NRECA CEO Jim Matheson urged electric cooperative leaders at Regional Meetings 1&4 to take on the historic changes and opportunities emerging across the industry and know the association is ready to lead and partner to ensure co-ops are equipped to best serve their members.

“It’s all about change and the opportunities it brings,” Matheson said in his keynote address Wednesday in Indianapolis.

“This meeting is your chance to meet the people at NRECA who are leading these efforts, and for you to learn more.”

Matheson noted three key areas of transformation and opportunity for co-ops—broadband, infrastructure and politics—and how NRECA is evolving in its own right to meet their needs.

“It’s the most important work we’re doing right now, and we want you to make the most of these opportunities to invest in your co-op’s reliability, resilience and relevance,” he said.

NRECA Broadband launched in July for co-ops delivering high-quality internet, building networks or finding other ways to help close the digital divide. Its team of experts are steeped in telecommunications policy, regulations and its highly competitive politics, he said.

“We’re positioning NRECA to best support our members [and] to make darn sure we are on a level playing field,” said Matheson.

When it comes to infrastructure, the $1.2 trillion federal law offers enormous opportunities for co-ops to invest in electric vehicles, disaster mitigation and technologies for a smart grid, microgrids and cybersecurity.

To help smooth the complex compliance process, NRECA is bringing co-ops together to work on projects and grant applications.

“NRECA is here to make it as easy as possible to access these programs and put them to work for you,” Matheson said.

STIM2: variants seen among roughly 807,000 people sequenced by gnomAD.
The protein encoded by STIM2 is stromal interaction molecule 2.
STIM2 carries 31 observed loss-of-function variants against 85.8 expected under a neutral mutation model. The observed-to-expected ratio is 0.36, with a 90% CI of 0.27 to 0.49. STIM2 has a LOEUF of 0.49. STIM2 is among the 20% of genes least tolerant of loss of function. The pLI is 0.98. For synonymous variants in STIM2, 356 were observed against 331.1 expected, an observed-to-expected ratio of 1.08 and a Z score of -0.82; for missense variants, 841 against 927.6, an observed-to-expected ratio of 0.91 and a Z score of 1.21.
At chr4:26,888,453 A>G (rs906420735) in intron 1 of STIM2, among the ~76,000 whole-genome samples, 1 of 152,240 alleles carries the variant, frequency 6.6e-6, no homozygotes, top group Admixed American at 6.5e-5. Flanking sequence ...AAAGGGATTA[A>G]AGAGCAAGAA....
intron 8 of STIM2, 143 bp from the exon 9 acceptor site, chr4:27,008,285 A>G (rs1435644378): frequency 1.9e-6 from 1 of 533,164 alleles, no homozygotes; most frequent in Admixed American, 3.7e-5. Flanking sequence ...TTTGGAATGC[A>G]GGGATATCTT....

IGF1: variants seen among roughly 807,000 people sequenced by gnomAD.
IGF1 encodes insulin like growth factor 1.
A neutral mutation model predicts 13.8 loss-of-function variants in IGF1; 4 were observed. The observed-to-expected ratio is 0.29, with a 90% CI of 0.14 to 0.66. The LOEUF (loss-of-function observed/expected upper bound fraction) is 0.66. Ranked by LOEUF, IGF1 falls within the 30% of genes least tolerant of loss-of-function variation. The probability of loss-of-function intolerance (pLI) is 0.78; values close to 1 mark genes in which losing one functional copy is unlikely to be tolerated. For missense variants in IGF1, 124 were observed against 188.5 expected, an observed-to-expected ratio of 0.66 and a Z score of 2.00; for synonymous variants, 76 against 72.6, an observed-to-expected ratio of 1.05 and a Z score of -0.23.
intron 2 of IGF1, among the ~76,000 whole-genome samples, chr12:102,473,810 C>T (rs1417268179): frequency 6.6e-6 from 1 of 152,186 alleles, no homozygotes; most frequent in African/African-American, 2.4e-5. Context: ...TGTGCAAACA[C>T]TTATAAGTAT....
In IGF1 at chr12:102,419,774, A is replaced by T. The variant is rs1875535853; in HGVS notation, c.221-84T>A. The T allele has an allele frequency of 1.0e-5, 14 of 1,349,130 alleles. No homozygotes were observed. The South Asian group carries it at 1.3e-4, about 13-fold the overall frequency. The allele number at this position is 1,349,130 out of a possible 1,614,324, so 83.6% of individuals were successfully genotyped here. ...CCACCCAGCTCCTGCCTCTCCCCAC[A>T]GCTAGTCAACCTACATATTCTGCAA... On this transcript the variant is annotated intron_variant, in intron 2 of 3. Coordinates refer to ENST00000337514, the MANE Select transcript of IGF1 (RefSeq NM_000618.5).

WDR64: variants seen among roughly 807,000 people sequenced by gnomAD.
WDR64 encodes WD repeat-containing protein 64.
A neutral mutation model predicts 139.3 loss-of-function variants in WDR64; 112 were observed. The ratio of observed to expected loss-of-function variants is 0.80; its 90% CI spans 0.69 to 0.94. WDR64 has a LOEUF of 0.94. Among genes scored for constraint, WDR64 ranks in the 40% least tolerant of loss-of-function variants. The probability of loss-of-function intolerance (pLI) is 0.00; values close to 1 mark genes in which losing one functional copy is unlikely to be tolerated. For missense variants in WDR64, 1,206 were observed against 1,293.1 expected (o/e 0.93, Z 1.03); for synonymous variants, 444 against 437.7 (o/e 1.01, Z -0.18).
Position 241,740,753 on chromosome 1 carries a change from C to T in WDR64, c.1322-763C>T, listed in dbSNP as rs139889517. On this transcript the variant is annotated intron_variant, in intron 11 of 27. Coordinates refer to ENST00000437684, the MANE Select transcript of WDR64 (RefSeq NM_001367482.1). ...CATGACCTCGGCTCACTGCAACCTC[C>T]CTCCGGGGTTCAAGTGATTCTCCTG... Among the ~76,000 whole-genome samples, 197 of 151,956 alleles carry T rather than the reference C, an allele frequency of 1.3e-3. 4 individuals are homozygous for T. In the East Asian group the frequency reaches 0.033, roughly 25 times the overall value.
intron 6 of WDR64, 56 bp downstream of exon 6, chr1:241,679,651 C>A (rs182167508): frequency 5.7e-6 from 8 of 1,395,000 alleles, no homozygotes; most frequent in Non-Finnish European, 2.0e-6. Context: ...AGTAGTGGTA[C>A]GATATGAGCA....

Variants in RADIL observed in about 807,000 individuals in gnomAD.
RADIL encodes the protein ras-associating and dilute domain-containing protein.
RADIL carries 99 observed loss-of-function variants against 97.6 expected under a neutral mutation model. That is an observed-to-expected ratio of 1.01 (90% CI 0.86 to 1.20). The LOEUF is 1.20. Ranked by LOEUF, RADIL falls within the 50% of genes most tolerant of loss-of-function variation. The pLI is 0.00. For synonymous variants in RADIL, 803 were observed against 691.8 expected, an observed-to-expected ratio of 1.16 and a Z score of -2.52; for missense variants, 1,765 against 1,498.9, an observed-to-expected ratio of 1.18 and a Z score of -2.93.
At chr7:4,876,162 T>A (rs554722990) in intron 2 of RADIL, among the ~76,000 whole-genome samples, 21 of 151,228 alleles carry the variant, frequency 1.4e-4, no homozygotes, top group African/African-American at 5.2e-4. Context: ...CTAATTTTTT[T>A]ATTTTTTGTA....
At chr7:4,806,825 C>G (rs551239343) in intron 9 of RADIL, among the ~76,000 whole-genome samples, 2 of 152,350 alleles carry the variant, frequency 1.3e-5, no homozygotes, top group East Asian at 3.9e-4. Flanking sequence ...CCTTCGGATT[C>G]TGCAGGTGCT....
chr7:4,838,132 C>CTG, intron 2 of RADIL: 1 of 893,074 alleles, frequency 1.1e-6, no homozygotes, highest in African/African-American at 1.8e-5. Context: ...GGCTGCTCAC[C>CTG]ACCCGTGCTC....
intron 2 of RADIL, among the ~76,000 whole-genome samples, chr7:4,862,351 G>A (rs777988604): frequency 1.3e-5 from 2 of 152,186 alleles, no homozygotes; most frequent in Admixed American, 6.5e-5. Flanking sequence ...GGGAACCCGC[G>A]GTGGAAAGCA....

In the political arena, polarized gridlock may be a constant, but “electric co-ops will be as respected, as relevant and as effective in politics as we’ve ever been,” he said.

“You have credit and credibility on both sides of the aisle for the work you do. NRECA’s reputation, your reputation, is sterling. And that matters more now than ever before.”

For example, Congress came together last month to pass the budget reconciliation bill with provisions giving direct-pay tax credits for electric co-ops to deploy new energy technologies—a top priority for NRECA.

“It covers any tax credit for energy technologies—renewables, storage, carbon capture—anything the federal government might offer as an incentive to a for-profit utility, a not-for-profit co-op can now use, too,” Matheson said. “Now, and in the future. And that’s a pretty big deal.”

In many ways, NRECA member co-ops “are much bigger than politics,” he said. By revolutionizing the electric industry and making key investments in their communities, co-ops draw bipartisan recognition in Washington, he said.

“It is a time of rapid change—to be sure—but it’s also good to be us,” Matheson said. “Thanks to the work of your co-op, we have every advantage with us as we lead the way to that bright future.”